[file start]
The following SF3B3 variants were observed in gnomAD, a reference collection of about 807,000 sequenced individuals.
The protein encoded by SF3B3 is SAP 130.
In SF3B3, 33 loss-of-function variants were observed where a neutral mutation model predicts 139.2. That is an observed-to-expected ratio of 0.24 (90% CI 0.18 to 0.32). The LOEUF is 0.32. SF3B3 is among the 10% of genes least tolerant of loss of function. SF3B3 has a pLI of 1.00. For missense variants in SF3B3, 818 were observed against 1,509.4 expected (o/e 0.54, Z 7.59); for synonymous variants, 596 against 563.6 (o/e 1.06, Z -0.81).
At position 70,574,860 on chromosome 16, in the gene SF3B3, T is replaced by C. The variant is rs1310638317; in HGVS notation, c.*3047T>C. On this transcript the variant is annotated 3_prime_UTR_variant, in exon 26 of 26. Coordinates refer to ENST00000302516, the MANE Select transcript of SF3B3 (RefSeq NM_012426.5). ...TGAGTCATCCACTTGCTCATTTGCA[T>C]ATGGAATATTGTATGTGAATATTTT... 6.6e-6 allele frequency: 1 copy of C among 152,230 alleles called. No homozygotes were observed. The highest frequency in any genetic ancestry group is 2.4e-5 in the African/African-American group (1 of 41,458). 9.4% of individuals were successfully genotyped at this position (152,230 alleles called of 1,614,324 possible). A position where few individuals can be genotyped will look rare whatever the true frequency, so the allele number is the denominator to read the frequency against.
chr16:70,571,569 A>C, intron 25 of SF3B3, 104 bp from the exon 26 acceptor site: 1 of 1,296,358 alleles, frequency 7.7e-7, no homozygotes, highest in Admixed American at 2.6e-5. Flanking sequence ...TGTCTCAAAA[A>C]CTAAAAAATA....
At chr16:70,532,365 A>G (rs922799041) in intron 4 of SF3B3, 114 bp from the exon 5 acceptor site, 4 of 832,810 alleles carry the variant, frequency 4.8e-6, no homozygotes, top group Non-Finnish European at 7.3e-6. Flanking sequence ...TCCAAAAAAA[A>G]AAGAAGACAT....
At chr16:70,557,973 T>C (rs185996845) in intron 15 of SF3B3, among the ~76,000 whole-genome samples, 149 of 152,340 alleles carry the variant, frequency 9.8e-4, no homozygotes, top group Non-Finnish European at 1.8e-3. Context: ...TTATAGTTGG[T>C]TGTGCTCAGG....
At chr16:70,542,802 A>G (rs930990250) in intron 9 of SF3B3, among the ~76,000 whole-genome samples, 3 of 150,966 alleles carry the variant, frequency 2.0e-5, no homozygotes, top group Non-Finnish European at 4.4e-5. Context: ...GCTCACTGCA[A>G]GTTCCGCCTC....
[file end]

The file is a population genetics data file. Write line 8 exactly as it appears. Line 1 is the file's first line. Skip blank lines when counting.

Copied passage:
At chr16:70,542,802 A>G (rs930990250) in intron 9 of SF3B3, among the ~76,000 whole-genome samples, 3 of 150,966 alleles carry the variant, frequency 2.0e-5, no homozygotes, top group Non-Finnish European at 4.4e-5. Context: ...GCTCACTGCA[A>G]GTTCCGCCTC....